Powering Africa Summit 2021: Unlocking the potential of battery storage

AdobeStock 305607306At the Financing and Deploying New Technologies: Battery Storage session of EnergyNet’s Powering Africa Summit 2021, key panellists were joined by a host of industry experts to discuss the potential of energy storage for the African continent

Yann Tanvez, upstream lead - infrastructure West and Central Africa & mini-grids Africa, IFC, said the energy landscape was opening up as battery storage costs were declining and lasting for longer.

“Used in conjunction with renewables, such as solar, they are becoming more commercially viable and are a competitive option for countries where geographies can accommodate them,” he added.

Clare Sierawski, climate change co-lead & regional manager for West Africa, US Trade and Development Agency, said there were clear opportunities battery storage could bring to energy markets on the continent. For instance battery storage technologies could solve the need for peak shifting (as more renewables are integrated), spinning reserves and frequency regulation by bringing them all to energy systems on the continent.

While each participant of the discussion acknowledged the immense potential that battery storage has in terms of meeting the energy deficit and empowering communities, they noted that in many regions there remained key barriers that had to be overcome. Despite interest from the private sector, for example, to invest in storage technology it was being deterred by ineffective regulations. Additionally, in many regions, the knowledge of how to use and properly get commercial value from battery storage systems is simply not there and because of this it is difficult for governments and municipalities to integrate storage into their master plans. This, in turn, makes it very challenging to invest in the technology for a country. To counter these issues, the participants discussed the need for improved communication to stakeholders on the continent, to upgrade the planning and deploy commercially viable models so that funding is no longer hindered.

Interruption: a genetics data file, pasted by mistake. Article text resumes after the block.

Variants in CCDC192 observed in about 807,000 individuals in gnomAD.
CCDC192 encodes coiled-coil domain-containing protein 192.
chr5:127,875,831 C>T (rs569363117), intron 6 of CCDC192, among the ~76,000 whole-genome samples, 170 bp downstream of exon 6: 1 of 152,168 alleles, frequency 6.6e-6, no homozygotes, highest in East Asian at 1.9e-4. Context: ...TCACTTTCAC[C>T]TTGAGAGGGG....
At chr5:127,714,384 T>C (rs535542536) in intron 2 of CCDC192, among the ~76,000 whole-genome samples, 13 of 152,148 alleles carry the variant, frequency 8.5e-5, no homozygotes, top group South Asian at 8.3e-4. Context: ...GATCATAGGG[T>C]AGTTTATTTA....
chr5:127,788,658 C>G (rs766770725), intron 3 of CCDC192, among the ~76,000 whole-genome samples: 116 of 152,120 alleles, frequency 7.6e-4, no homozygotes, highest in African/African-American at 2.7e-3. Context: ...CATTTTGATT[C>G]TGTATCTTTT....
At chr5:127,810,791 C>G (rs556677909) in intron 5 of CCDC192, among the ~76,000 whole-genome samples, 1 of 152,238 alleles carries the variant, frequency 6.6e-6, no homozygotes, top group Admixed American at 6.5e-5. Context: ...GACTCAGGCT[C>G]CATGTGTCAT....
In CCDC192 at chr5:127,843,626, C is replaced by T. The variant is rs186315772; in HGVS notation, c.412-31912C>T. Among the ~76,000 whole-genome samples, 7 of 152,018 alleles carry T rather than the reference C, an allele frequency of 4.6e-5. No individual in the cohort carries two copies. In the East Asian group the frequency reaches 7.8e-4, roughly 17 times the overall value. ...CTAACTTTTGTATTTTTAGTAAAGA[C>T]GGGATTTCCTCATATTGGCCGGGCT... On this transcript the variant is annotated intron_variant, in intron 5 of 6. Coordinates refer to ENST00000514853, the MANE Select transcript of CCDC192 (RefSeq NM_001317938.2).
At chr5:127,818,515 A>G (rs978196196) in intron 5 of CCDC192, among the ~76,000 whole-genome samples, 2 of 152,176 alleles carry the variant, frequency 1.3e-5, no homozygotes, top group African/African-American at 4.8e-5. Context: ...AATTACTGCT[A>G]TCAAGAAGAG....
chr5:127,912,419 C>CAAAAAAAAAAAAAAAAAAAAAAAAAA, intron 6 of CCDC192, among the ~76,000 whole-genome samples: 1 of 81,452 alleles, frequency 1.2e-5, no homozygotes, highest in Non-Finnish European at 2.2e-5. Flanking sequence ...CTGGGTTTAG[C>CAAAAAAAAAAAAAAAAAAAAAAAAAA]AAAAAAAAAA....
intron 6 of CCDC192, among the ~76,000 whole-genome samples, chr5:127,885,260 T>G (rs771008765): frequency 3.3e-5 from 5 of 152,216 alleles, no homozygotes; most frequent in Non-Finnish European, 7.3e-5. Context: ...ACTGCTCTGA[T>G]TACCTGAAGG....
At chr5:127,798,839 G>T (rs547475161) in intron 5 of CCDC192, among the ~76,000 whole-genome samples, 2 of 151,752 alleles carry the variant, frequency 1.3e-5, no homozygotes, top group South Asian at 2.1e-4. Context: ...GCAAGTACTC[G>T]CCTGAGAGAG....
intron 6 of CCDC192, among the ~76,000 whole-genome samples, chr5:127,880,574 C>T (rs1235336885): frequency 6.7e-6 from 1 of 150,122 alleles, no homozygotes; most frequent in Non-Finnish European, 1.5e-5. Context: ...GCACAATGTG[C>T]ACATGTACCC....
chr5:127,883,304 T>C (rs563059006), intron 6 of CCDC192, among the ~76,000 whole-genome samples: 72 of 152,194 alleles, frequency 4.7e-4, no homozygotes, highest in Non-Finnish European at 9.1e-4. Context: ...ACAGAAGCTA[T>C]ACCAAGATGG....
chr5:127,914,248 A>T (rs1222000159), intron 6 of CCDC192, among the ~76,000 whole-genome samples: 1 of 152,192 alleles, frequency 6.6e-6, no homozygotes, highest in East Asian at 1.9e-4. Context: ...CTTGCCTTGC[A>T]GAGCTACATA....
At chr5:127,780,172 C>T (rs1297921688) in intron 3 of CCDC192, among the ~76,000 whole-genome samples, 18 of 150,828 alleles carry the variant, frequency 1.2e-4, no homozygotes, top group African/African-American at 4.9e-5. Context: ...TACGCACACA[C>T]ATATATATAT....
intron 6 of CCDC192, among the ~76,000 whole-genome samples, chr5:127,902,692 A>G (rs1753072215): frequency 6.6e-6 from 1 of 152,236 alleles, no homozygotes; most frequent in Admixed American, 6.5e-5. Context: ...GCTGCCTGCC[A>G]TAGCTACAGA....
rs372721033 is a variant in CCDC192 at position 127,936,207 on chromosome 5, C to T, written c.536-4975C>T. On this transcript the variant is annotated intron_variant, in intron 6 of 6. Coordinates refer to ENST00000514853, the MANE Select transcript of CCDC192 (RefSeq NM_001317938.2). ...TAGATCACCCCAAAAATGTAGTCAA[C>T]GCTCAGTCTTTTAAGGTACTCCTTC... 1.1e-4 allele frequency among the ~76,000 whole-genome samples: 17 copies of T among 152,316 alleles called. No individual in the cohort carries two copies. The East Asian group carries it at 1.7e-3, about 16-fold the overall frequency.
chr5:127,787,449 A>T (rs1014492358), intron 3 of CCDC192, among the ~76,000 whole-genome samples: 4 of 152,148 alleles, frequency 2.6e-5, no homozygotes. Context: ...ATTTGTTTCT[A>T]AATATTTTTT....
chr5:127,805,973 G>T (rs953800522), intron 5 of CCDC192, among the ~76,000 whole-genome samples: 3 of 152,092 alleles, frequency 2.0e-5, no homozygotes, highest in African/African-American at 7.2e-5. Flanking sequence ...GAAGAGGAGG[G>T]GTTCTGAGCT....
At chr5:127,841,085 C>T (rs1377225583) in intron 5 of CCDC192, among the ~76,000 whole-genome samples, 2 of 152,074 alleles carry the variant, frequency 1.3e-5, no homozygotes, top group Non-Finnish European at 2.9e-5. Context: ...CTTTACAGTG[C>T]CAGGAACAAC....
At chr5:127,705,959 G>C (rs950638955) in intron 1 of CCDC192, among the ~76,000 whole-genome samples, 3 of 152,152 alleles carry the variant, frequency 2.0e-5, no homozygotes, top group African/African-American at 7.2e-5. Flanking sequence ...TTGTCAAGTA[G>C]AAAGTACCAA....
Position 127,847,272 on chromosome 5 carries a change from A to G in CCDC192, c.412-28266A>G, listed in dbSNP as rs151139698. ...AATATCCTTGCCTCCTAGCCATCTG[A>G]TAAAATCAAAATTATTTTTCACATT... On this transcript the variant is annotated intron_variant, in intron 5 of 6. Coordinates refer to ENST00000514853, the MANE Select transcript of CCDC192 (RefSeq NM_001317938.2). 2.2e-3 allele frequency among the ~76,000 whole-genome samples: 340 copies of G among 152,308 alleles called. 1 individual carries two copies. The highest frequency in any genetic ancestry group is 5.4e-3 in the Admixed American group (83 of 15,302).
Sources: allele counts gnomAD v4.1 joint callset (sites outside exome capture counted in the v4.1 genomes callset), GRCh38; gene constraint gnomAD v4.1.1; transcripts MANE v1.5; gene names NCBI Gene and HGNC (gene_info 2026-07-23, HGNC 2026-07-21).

Carlo Brovero, CEO, StorEn Technologies, took the opportunity to talk about vanadium flow battery technology, which has both residential and industrial applications. He said, “The vanadium technology has a number of advantages that makes it suitable to the environment of Africa. It is easy to recycle (close to 100%) and this can be done without the need for specialised solutions. Although the cost is slightly higher than lithium batteries (although we are trying to close that gap) in terms of cost per cycle they are 60-70% lower than lithium. This is because they can do around 15,000 full cycles (which will last for about 25 years) whereas lithium can usually manage 2,000-3,000 and, in Africa, sometimes less.

“In terms of developing local content, vanadium is a local mineral, available in several different African countries. With our technology the only key component is the stack, which we will have to manufacture, but the rest can be built by local partners with very little investment on their side. This would increase our local impact via the creation of local jobs.”

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